Jane Fawcett joined Bletchley Park in 1940, after being interviewed by Stuart Milner-Barry. She was known as one of the “Debs of Bletchley Park,” due to her family’s status. She was assigned to Hut 6, a decoding room made up solely of women. There, she and her colleagues received daily Enigma keys, which they typed into their Typex machines to determine if they were recognizable German.
Through her work, she was able to help decode a message regarding the position of the German battleship, Bismarck. She and the team learned it was sailing to France, allowing the Royal Navy to attack and sink it on May 27, 1941. This is widely considered the first significant victory for the codebreakers at Bletchley Park.
Margaret Rock joined Bletchley Park on April 15, 1940, where she worked for Admiral Sir Hugh Sinclair, the Head of the GC&CS and the Secret Intelligence Service. Her education – specifically her math skills – enabled her to decode German Enigma alongside some of the best, including Alfred Dillwyn “Dilly” Knox, the Chief Cryptographer of the GC&CS.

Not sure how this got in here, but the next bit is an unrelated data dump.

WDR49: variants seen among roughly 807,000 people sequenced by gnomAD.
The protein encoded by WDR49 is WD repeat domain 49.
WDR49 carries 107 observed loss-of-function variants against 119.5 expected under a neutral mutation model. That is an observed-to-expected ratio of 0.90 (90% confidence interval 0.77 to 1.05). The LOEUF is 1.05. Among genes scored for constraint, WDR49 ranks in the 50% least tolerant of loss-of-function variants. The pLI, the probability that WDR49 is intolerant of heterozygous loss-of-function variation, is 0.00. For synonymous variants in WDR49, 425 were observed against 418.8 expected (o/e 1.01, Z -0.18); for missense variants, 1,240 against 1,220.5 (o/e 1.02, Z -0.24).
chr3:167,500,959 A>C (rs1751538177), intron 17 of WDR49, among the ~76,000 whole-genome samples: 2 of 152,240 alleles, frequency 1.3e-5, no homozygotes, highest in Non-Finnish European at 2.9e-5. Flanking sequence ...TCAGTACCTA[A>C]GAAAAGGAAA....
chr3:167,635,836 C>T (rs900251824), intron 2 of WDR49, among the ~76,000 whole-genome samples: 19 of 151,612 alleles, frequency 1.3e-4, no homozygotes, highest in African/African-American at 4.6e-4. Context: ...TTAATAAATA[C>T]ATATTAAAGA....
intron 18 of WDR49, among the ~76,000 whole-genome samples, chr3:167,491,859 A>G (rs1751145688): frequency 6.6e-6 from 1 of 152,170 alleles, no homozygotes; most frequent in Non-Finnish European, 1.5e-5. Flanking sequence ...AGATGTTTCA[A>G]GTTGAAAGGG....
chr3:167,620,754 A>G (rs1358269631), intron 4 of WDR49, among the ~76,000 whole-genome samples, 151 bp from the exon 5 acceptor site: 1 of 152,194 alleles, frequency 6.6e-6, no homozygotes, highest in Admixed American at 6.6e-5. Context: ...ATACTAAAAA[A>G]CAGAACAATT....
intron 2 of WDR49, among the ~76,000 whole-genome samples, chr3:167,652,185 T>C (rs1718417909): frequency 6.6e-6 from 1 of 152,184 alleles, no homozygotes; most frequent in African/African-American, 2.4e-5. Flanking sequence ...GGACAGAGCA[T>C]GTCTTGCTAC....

While working with Knox, Rock became the most senior cryptographer, specializing in German and Russian codebreaking. Her biggest accomplishment came when she and her team decoded a message that gave the British forces the advantage when it came to planning the D-Day attacks.
Mavis Batey is widely considered one of the leading codebreakers of Bletchley Park. Initially stationed at one of its outstations in London, she was later transferred to the Buckinghamshire estate, where she worked as an assistant to Dilly Knox.
Batey quickly adapted to her new work environment and became familiar with the different styles of individual enemy operators. In late March 1941, she was working on Italian Naval Enigma when she deciphered a message, leading to the discovery that the Italians were planning to attack the Royal Navy supply convoy off the coast of Greece. The subsequent combat became known as the Battle of Cape Matapan.
In December 1941, she broke a message between Belgrade and Berlin that enabled the team to break the Abwehr Enigma. She later broke another, the GGG. It contained messages confirming the Nazis were falling for the Double-Cross intelligence being passed on by double agents.